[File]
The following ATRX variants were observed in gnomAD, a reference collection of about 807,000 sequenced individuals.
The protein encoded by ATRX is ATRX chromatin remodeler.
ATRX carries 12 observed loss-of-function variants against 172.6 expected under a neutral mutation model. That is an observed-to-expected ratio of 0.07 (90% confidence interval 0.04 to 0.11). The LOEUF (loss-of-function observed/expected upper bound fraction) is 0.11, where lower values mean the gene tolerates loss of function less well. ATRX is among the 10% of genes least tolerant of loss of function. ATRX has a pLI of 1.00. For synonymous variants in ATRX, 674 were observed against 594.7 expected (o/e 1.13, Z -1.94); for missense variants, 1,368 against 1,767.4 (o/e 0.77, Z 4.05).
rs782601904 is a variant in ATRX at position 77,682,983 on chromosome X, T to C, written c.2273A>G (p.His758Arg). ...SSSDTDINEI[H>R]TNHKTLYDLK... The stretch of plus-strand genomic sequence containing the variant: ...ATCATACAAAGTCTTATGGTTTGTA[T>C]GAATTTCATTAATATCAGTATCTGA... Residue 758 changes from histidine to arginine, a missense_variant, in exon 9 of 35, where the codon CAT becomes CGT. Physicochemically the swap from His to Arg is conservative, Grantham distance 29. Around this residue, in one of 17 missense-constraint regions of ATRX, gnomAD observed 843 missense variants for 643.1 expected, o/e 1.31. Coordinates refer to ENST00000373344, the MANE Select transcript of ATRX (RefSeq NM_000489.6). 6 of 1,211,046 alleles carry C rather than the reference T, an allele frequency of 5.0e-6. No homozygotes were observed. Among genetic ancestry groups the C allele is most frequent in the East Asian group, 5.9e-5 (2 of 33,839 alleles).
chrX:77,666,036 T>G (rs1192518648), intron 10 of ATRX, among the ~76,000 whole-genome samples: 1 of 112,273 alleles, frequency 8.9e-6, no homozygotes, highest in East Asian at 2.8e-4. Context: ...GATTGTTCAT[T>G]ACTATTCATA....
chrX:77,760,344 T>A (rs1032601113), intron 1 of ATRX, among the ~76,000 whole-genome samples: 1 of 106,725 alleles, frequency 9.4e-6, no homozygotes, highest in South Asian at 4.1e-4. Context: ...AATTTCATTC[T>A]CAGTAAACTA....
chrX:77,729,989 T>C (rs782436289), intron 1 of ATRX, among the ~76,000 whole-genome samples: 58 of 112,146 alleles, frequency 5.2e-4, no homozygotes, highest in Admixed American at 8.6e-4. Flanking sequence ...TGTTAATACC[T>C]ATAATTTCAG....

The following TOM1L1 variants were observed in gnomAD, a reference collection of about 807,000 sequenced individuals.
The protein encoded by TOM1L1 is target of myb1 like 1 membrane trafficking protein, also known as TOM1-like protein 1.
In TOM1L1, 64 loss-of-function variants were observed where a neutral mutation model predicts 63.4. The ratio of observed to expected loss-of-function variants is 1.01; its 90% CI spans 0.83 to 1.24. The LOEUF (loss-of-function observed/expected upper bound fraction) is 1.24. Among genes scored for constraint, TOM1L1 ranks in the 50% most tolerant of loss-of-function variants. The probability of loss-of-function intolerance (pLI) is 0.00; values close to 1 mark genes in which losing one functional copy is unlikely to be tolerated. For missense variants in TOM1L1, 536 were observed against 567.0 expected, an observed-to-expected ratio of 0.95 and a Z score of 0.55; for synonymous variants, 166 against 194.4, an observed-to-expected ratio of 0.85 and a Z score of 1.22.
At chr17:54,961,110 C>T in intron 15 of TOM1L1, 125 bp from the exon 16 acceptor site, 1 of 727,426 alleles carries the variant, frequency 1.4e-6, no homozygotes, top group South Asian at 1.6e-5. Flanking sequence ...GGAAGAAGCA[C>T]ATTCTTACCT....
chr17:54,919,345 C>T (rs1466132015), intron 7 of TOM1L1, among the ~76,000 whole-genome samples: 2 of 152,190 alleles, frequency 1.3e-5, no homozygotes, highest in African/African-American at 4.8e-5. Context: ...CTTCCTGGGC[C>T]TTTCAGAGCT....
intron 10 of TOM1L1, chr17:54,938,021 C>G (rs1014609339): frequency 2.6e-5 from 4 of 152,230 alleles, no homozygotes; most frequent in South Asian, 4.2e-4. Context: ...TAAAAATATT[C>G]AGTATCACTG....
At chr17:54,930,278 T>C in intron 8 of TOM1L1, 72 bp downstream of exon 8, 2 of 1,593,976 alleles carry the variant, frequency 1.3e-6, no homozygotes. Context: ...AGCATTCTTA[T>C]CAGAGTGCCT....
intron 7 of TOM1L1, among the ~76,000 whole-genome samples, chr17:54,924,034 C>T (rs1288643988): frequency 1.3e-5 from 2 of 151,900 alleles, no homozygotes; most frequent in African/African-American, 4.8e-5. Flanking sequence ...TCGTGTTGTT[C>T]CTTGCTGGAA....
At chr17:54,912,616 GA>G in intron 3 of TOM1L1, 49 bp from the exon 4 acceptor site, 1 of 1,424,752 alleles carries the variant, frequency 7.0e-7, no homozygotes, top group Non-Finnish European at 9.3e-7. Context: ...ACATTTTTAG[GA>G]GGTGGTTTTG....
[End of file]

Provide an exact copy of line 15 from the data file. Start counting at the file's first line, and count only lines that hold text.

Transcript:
intron 7 of TOM1L1, among the ~76,000 whole-genome samples, chr17:54,924,034 C>T (rs1288643988): frequency 1.3e-5 from 2 of 151,900 alleles, no homozygotes; most frequent in African/African-American, 4.8e-5. Flanking sequence ...TCGTGTTGTT[C>T]CTTGCTGGAA....